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Rossi Revolver, Model R35102

Forjas Taurus, SA and BrazTech International LC are settling a class action alleging that they Rossi revolvers are defective. The complaint claimed that the revolvers sometimes fire when dropped. The companies had issued a warning about this in September 2018, but they have now accepted a settlement requiring them to inspect the guns and repair them, among other things.

Glock Model 22 Gen 4 Pistol

Yes, guns are dangerous. But the complaint for this class action alleges that certain pistols made by Glock, Inc. and its Austrian parent, Glock GmbH, are even dangerous to the person using them. The complaint claims that the pistols have a defect that may lead to a “blow out” at firing. 

In this class action, the weapons popularly known as tasers are called Conducted Electrical Weapons (CEWs). The complaint alleges that the Pulse, X2, and X26P model CEWs had a defective safety mechanism, which could allow the weapons to discharge unintentionally. The complaint claims that Axon Enterprises, Inc., formerly known as Taser International, Inc., knew about the defect.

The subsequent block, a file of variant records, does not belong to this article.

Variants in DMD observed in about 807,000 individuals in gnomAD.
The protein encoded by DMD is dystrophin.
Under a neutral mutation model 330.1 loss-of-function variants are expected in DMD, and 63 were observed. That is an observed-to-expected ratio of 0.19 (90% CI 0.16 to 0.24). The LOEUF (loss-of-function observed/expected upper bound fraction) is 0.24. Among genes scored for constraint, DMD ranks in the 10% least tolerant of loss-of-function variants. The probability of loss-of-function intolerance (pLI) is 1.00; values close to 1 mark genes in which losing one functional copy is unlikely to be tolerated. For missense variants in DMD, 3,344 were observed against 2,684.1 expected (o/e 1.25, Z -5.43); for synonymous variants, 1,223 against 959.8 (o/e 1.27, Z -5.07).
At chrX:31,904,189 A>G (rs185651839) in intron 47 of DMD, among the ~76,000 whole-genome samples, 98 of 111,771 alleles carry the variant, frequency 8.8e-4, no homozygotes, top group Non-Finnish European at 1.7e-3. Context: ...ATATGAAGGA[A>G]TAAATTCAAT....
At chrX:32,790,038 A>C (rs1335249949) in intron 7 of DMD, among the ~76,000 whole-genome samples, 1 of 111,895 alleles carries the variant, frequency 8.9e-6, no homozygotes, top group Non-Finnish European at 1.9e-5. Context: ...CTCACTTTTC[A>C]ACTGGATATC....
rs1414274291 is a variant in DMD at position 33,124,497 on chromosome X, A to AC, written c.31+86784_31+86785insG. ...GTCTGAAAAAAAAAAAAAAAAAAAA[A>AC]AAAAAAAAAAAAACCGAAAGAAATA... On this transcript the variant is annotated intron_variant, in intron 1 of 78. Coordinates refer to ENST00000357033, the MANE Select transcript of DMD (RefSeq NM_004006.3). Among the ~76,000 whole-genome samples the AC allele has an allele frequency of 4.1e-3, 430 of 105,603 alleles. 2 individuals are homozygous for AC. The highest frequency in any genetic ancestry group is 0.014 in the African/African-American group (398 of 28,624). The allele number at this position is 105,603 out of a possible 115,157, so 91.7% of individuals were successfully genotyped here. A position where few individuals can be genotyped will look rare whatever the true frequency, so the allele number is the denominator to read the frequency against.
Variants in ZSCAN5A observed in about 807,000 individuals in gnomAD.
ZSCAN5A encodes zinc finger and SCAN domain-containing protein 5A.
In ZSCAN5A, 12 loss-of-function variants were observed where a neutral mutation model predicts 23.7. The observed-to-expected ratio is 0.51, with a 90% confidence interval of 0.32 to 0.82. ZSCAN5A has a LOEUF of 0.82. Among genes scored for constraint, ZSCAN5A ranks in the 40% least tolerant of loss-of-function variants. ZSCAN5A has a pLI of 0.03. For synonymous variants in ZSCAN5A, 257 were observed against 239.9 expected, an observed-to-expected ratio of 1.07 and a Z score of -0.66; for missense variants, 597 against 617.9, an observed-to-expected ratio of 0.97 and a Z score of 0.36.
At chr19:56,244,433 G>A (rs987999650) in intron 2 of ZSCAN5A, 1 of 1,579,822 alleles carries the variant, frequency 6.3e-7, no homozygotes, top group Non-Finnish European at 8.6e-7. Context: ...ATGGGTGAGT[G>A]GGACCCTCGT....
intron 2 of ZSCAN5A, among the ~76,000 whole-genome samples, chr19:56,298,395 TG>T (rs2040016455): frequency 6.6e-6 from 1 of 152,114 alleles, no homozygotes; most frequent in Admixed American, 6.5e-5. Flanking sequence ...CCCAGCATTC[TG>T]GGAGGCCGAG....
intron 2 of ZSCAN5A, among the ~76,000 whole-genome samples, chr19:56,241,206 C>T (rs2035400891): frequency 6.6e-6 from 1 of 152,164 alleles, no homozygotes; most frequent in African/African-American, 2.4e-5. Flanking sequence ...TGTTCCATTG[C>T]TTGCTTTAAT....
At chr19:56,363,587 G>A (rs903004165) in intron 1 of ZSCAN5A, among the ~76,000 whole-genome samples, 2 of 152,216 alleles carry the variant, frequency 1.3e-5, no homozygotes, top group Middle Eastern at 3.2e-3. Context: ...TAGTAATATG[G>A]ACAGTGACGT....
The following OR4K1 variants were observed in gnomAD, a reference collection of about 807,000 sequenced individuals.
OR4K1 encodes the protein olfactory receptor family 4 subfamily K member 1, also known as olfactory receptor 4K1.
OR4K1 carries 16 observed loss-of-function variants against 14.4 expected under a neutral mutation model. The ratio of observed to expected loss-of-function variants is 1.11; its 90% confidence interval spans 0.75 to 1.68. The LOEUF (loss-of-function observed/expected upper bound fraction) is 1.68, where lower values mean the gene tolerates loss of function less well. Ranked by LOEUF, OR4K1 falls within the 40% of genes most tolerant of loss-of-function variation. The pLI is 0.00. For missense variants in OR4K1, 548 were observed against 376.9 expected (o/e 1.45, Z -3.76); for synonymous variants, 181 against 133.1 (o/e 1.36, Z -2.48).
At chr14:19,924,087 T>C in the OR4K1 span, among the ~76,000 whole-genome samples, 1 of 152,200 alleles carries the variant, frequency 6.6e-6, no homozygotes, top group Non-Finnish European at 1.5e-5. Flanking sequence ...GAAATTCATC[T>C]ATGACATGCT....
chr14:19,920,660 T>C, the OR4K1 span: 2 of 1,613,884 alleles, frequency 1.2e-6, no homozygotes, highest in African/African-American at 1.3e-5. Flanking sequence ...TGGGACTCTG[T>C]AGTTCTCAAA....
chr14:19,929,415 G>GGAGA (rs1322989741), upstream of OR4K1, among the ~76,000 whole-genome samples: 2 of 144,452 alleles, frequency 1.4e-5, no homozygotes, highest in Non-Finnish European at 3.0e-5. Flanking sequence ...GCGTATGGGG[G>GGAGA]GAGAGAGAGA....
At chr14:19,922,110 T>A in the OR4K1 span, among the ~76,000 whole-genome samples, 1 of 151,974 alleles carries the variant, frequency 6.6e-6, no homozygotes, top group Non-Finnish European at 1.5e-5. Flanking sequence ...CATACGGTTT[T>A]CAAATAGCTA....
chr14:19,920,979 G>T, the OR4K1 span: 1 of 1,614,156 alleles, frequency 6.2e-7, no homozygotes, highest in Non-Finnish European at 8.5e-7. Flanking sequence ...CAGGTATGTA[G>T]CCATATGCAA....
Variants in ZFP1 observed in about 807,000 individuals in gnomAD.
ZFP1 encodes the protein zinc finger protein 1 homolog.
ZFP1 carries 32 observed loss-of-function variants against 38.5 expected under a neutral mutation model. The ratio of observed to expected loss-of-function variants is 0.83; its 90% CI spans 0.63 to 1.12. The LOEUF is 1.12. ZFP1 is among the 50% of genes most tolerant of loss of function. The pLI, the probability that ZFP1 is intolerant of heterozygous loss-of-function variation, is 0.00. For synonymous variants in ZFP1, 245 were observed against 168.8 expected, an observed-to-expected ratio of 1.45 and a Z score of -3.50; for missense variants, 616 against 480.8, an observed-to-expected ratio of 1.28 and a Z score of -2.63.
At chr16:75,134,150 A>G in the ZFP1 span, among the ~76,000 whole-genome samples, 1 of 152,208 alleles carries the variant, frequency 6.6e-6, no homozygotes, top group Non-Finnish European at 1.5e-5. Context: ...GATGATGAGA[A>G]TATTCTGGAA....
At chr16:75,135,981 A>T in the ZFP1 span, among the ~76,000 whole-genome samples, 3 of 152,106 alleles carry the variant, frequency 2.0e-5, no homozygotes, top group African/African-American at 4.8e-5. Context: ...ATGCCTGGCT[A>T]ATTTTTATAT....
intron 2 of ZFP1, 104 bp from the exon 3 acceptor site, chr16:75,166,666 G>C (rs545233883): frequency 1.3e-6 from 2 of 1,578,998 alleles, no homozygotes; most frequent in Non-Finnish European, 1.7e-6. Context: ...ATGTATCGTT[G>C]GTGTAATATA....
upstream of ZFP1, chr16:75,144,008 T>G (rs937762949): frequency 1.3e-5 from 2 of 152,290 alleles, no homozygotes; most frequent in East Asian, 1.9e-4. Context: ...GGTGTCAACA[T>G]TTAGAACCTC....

A Sig Sauer P320 Pistol

A gun that can fire a round when dropped has a serious defect. The complaint for this class action claims that Sig Sauer, Inc.’s SIG P320 semi-automatic pistol has this defect. This is alarming, given the gun’s popularity. The complaint alleges breaches of warranties and fraudulent concealment, among other things.

Taser Pulse Safety Switch

Plaintiff Douglas Richey was carrying his Taser in a neoprene case in his jacket pocket, the complaint for this class action says, with the safety switch in the “safe” position. But as he got out of his car, it says, he heard a muffled pop and smelled gunpowder. He looked down to see the Taser’s electric barbs sticking out of his jacket. The complaint claims that the weapon has a defect that permits it to slip into the “armed” mode too easily, and that it can also be fired with very little pressure on the trigger.

Sig Sauer Model P320 Pistol

Sig Sauer, Inc. has traditionally designed hammer-fired pistols, but its model P320 is a striker-fired pistol. The complaint for this class action alleges that the P320 is defective, because it was designed without an item known as a disconnector safety. The lack of this item allows the pistols to fire when dropped or in an out-of-battery state, the complaint claims, even as Sig claims that the pistols are safe and exceed US safety standards.